9-11 Sep 2015 Paris (France)
Wednesday 9
All
(Chair: Sami Pihlstrom)
› 9:30 - 10:15 (45min)
› EHESS Salle 6
Truth and the Relevance of Practice
Massimo Dell'utri  1@  
1 : University of Sassari  -  Website

Over and above good argumentation, philosophy seems to strive after a criterion to settle disputes. Pragmatists provided such a criterion stressing the relevance of practice for philosophy, joined in this by the later Wittgenstein. What we actually do and say cannot but have a spin-off on philosophical reflection, if the latter should be of any worth.

As to the interpretation of the concept of truth, it is a remarkable fact that two of the leading contemporary (neo-)pragmatists – Hilary Putnam and Richard Rorty – subscribe to the so-called deflationary conception of truth (or something very close to this) as a consequence of their appeal to both practice and the thought of the later Wittgenstein. Equally remarkable is the fact that Paul Horwich, who has the great merit of having revived interest in alethic deflationism, has done this by putting himself in the wake of Wittgenstein. The (direct or indirect) appeal to practice represents thus a sort of fil rouge connecting the three philosophers – Horwich, Putnam and Rorty – as far as the notion of truth is concerned. Yet, differences among the three about the actual interpretation of alethic deflationism is evident.

Therefore, questions like the following spontaneously arise: Who offers the best account of our verbal and non-verbal practice? And, consequently: Who offers the most plausible version of alethic deflationism?

The paper will try to find an answer to these questions, tackling the differences among the three philosophers in the first place. To this end, a possible route is to ascertain what they respectively believe about the nature of truth.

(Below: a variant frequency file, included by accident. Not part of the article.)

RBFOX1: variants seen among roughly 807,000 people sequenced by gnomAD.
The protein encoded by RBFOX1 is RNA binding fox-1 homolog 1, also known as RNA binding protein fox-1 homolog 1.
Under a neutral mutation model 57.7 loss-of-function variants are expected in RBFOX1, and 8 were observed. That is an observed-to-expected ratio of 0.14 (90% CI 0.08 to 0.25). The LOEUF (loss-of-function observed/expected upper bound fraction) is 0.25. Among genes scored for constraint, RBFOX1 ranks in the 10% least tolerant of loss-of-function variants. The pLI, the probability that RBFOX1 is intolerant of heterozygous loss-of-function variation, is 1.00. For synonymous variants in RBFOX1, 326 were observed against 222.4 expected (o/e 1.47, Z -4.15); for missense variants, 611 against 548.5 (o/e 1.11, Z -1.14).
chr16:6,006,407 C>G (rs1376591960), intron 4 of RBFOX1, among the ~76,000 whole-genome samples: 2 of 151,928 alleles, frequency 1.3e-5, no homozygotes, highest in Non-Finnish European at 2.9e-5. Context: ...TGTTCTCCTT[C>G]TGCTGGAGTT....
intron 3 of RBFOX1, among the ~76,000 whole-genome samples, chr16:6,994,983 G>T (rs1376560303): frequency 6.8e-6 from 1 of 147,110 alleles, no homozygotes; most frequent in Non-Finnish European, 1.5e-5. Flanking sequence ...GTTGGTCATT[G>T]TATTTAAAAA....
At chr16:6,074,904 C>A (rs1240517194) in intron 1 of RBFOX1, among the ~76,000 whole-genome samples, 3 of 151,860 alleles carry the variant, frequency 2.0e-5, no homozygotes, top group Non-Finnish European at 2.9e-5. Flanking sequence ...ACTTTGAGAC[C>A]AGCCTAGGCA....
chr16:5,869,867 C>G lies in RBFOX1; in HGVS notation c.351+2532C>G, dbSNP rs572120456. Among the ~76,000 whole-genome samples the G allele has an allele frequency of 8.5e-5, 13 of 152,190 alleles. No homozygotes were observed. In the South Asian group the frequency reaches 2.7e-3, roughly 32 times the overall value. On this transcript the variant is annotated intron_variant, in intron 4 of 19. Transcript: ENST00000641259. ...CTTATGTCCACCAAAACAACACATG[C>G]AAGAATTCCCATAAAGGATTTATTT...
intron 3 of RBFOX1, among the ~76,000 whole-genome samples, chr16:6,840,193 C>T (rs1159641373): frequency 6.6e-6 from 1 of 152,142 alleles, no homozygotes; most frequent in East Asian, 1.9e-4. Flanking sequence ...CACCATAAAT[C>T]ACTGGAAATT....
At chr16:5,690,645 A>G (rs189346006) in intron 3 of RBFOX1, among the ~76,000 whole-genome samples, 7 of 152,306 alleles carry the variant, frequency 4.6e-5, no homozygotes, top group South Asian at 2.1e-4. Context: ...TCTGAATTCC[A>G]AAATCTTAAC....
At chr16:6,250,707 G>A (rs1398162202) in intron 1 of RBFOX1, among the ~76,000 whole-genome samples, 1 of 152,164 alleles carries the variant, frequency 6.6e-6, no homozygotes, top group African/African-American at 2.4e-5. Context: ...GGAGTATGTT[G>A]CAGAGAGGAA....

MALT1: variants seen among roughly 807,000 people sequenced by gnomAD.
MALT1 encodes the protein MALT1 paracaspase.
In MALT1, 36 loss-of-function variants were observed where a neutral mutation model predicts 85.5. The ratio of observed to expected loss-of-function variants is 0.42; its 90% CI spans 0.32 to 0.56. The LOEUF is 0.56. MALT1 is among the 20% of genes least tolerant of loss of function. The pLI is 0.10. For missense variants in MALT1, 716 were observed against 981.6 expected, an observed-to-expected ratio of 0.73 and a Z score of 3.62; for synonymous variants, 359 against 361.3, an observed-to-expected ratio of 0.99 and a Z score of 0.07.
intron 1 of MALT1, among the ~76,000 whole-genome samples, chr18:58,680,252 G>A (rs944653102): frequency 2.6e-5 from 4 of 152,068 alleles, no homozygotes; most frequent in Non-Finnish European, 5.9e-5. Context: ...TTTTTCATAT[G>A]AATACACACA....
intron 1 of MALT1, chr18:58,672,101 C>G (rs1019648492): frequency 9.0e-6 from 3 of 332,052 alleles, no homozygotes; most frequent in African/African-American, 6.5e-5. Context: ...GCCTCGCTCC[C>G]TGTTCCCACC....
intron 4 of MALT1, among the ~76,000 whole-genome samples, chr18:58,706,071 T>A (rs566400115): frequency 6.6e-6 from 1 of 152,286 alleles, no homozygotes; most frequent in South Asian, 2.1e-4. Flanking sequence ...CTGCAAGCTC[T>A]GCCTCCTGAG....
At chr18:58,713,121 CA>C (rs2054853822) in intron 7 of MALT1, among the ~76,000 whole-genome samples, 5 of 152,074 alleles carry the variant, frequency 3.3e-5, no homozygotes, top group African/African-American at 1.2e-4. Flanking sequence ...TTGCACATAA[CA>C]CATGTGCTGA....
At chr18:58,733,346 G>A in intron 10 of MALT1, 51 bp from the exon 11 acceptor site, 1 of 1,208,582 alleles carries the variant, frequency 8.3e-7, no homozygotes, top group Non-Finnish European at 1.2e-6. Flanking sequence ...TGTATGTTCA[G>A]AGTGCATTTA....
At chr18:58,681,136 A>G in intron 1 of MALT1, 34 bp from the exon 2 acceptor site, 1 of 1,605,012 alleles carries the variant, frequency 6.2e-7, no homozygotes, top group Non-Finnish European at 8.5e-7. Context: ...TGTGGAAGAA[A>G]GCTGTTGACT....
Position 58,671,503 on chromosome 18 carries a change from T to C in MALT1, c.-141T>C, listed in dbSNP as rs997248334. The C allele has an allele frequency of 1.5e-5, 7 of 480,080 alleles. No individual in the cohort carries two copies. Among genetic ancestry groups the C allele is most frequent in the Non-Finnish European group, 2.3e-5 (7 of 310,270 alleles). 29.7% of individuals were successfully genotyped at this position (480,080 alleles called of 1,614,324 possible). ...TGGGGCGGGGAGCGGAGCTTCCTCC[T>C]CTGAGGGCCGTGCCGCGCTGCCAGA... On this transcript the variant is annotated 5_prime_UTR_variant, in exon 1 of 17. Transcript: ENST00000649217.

In accordance with the usual deflationary view, both Horwich and Rorty think that truth has no nature. This is because, according to them, the concept of truth is “empty” and thus there is no nature to describe. In a nutshell: “no content, no nature”. Moreover, the emptiness of the concept reveals that there is no property of truth one could ascribe to one's favourite bearer of truth (and, a fortiori, there is no normative property). The philosophical analysis of truth reduces itself to the analysis of the uses speakers of a language do of the relevant words – “true” and cognates. Embracing a view made popular by Wittgenstein (this goes for Horwich in particular), we have that it is “use” that places a meaning on words and sentences. In particular, as far as sentences are concerned, use amounts to satisfy assertibility conditions – not truth-conditions. According to this line of reasoning, this is so (i.e., any account of the understanding of sentences should appeal to assertibility conditions) because, being truth banned from the set of the philosopher's explanatory tools, truth-conditions appear useless. Horwich's and (arguably) Rorty's positions are therefore based on a verificationist semantics.

Putnam does not take side with Horwich and Rorty, in this respect. In fact, he is willing to acknowledge a “physiognomy” of truth – if not a real nature (at least, this is what the paper will try to clarify). In fact, reflection on practice makes Putnam realize the centrality of truth for the speaker/hearer of a language. For one thing, our verbal practice reveals that we call a sentence “true” when there is a normative way of establishing that it is true. For another, it reveals that understanding sentences is not only a question of assertibility conditions, but also of fully legitimate truth-conditions (depending on the sentence in question, of course). Both elements make truth appear as something “substantial” – something very different from the idea according to which talk of truth is a mere façon de parler.

Of course, thinking that the predicate “is true” ascribes a normative property to statements departs from the usual understanding of truth as deflationary. The final part of the paper will be devoted to ascertain whether or not it is right to see Putnam's conception of truth as deflationary.


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